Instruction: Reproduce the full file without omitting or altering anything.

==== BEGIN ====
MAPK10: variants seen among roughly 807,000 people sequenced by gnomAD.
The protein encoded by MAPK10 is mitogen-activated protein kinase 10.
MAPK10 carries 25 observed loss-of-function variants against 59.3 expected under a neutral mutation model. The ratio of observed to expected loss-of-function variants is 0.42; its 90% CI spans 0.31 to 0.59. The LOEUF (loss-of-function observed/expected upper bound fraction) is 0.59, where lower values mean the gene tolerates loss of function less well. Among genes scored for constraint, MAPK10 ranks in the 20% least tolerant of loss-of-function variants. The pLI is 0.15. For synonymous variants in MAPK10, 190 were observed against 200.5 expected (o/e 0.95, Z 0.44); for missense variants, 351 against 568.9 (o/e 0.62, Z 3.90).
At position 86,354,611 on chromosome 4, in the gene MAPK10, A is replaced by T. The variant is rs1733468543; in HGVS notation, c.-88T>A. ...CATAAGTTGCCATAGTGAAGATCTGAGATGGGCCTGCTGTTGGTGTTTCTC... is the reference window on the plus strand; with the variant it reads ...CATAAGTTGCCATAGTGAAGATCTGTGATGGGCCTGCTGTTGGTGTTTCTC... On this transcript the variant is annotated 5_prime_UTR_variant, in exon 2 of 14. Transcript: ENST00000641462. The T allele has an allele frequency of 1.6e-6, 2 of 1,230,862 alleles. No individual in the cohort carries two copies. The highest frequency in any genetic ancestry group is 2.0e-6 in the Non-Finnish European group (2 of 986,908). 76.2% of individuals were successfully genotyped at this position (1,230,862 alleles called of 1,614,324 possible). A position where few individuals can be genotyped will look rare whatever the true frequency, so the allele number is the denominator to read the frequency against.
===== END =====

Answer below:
MAPK10: variants seen among roughly 807,000 people sequenced by gnomAD.
The protein encoded by MAPK10 is mitogen-activated protein kinase 10.
MAPK10 carries 25 observed loss-of-function variants against 59.3 expected under a neutral mutation model. The ratio of observed to expected loss-of-function variants is 0.42; its 90% CI spans 0.31 to 0.59. The LOEUF (loss-of-function observed/expected upper bound fraction) is 0.59, where lower values mean the gene tolerates loss of function less well. Among genes scored for constraint, MAPK10 ranks in the 20% least tolerant of loss-of-function variants. The pLI is 0.15. For synonymous variants in MAPK10, 190 were observed against 200.5 expected (o/e 0.95, Z 0.44); for missense variants, 351 against 568.9 (o/e 0.62, Z 3.90).
At position 86,354,611 on chromosome 4, in the gene MAPK10, A is replaced by T. The variant is rs1733468543; in HGVS notation, c.-88T>A. ...CATAAGTTGCCATAGTGAAGATCTGAGATGGGCCTGCTGTTGGTGTTTCTC... is the reference window on the plus strand; with the variant it reads ...CATAAGTTGCCATAGTGAAGATCTGTGATGGGCCTGCTGTTGGTGTTTCTC... On this transcript the variant is annotated 5_prime_UTR_variant, in exon 2 of 14. Transcript: ENST00000641462. The T allele has an allele frequency of 1.6e-6, 2 of 1,230,862 alleles. No individual in the cohort carries two copies. The highest frequency in any genetic ancestry group is 2.0e-6 in the Non-Finnish European group (2 of 986,908). 76.2% of individuals were successfully genotyped at this position (1,230,862 alleles called of 1,614,324 possible). A position where few individuals can be genotyped will look rare whatever the true frequency, so the allele number is the denominator to read the frequency against.